Pot Clinics: DEA Threatening Armored Car Firms Out of Providing Security

Pot advocates fear without armored cars armed robbers will strike.

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A medical marijuana advocate holds a sign outside of the W Hotel where President Barack Obama was holding a fundraiser in San Francisco, Calif., Oct. 25, 2011.
A medical marijuana advocate holds a sign outside of the W Hotel where President Barack Obama was holding a fundraiser in San Francisco, Calif., Oct. 25, 2011.

The Drug Enforcement Administration is being accused of frightening armored car services out of doing business with medical marijuana dispensaries, making it even more difficult for state-licensed facilities to process payments.

Many medical marijuana dispensaries deal primarily in cash because credit card companies decline to process payments, as a result of an opaque government edict last year.

"It will create a very dangerous situation," Harborside Health Center attorney Henry Wykowski told U.S. News.

Harborside is one of the largest dispensaries in California and currently generates around $28 million in annual sales. Ninety-five percent of transactions are done in cash, Wykowski said.

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The dispensary, which has two Bay Area locations, was informed by Dunbar Armored last week that the security company was ending their business relationship. Wykowski says the company cited pressure from the DEA.

Dunbar is the last in a series of armored car companies to drop Harborside as a client, Wykowski said. "Basically they were the provider of last resort" after other providers discontinued service last year, he said.

The DEA has not yet issued an on-the-record reaction to the allegations.

Sean Gibbons, Dunbar's vice president of corporate communications, told U.S. News he had no comment on the issue.

The companies that previously discontinued service with Harborside were told by the DEA "if they continued to do this they would have problems," the Harborside attorney said. He's unaware of the precise language used.

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"My understanding is that it was an overall, broad directive," Wykowski said. He represents more than 60 dispensaries and said other clients in northern California lost service. Colorado clinics, too, reported similar issues, Wykowski said.

Kris Hermes, a spokesman for the medical marijuana advocacy group Americans for Safe Access, told U.S. News the DEA is "almost inciting people to rob [the dispensaries] and increasing the security issue for law enforcement."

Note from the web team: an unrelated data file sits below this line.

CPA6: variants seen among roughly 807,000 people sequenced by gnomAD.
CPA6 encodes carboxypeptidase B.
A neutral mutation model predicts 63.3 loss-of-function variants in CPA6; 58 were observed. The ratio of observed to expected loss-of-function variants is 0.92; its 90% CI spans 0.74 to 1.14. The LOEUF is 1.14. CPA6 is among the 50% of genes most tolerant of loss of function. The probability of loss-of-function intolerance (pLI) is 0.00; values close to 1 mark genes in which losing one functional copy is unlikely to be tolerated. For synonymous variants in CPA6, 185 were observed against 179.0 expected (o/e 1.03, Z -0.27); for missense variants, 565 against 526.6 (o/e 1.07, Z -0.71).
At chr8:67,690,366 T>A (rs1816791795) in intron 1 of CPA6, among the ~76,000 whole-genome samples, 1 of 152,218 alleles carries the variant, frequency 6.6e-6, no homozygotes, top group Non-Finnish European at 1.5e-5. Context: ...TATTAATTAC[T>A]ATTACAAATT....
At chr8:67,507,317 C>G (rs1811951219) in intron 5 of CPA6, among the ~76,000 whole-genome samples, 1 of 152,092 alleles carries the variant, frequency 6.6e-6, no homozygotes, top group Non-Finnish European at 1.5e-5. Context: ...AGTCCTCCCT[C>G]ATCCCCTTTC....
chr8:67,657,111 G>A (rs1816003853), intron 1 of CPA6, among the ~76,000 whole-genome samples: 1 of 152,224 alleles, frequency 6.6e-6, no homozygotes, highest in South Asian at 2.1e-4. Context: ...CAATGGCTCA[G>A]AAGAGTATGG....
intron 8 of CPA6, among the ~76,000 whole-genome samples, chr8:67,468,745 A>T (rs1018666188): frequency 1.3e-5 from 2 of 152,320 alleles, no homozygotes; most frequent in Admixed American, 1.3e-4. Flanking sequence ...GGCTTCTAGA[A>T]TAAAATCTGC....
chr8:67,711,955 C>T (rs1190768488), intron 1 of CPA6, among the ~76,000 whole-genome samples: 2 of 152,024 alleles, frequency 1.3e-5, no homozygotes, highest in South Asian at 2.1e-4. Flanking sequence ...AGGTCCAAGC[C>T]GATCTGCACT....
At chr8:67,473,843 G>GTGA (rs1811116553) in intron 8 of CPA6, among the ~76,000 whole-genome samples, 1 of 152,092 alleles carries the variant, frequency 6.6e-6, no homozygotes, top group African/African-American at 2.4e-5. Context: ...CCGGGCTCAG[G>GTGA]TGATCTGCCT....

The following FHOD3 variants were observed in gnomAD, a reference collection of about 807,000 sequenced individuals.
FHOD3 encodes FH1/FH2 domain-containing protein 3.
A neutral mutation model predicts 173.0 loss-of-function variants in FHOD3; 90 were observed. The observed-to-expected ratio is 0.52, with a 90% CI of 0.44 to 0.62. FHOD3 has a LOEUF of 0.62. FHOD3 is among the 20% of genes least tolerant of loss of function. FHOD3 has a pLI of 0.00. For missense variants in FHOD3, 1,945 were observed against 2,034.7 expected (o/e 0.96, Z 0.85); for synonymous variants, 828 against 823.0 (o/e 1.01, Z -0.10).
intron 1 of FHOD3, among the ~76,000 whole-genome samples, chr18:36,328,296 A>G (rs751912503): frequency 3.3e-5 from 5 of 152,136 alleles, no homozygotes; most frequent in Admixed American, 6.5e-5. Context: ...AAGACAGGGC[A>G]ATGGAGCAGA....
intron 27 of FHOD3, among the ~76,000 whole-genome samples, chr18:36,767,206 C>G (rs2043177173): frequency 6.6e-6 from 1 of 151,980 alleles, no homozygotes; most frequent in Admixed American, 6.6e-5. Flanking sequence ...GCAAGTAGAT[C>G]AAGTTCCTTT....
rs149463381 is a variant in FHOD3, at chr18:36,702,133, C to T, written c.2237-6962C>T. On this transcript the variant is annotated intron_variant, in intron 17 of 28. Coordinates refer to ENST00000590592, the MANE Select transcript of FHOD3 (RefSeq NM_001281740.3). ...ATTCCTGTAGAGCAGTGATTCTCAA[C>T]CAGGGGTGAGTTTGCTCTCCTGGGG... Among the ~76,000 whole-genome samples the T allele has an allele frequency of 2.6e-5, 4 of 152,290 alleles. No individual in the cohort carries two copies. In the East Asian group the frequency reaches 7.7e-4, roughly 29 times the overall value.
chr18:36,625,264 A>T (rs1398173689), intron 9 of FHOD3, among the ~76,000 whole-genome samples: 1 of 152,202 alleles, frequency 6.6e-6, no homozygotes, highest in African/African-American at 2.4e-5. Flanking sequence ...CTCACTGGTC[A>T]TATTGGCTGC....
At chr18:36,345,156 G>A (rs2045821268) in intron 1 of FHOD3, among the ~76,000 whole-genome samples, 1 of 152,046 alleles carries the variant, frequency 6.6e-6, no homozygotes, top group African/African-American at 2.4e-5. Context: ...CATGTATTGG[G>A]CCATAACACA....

Wykowski agreed, saying the Oakland- and San Jose-based business could become "a target for armed robberies." The lack of secure payment-processing also makes paying state and federal taxes more difficult for Harborside. "We don't have a plan yet and even if we had a plan, I don't know if I would discuss it for safety reasons," the attorney said.

"With the election of President Barack Obama, frankly, we've seen this crackdown [on medical marijuana]," Hermes said. "Dispensary operators were more than willing to be above-board... it's mostly the crackdown that has forced operators and patients to deal in cash only."

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There are currently around 1,000 medical marijuana dispensaries in California and another 1,000 across the country, Hermes estimated. Twenty states and Washington, D.C., allow sick patients to use the drug with a prescription. The number of providers is in flux, Hermes said, because as many as 600 dispensaries shut down in California since Obama took office.

The Obama administration opened with an apparent fulfillment of the president's campaign promise to respect state medical marijuana laws. The 2009 Ogden memo proclaimed it wasn't a good use of Justice Department resources to target dispensaries or patients, unless more serious crimes were being committed. Two years later the Justice Department's Cole memo rolled back that promise, citing dispensaries with "revenue projections of millions of dollars."

The Justice Department still hasn't said what it will do when state-licensed recreational marijuana stores open next year in Colorado and Washington state.

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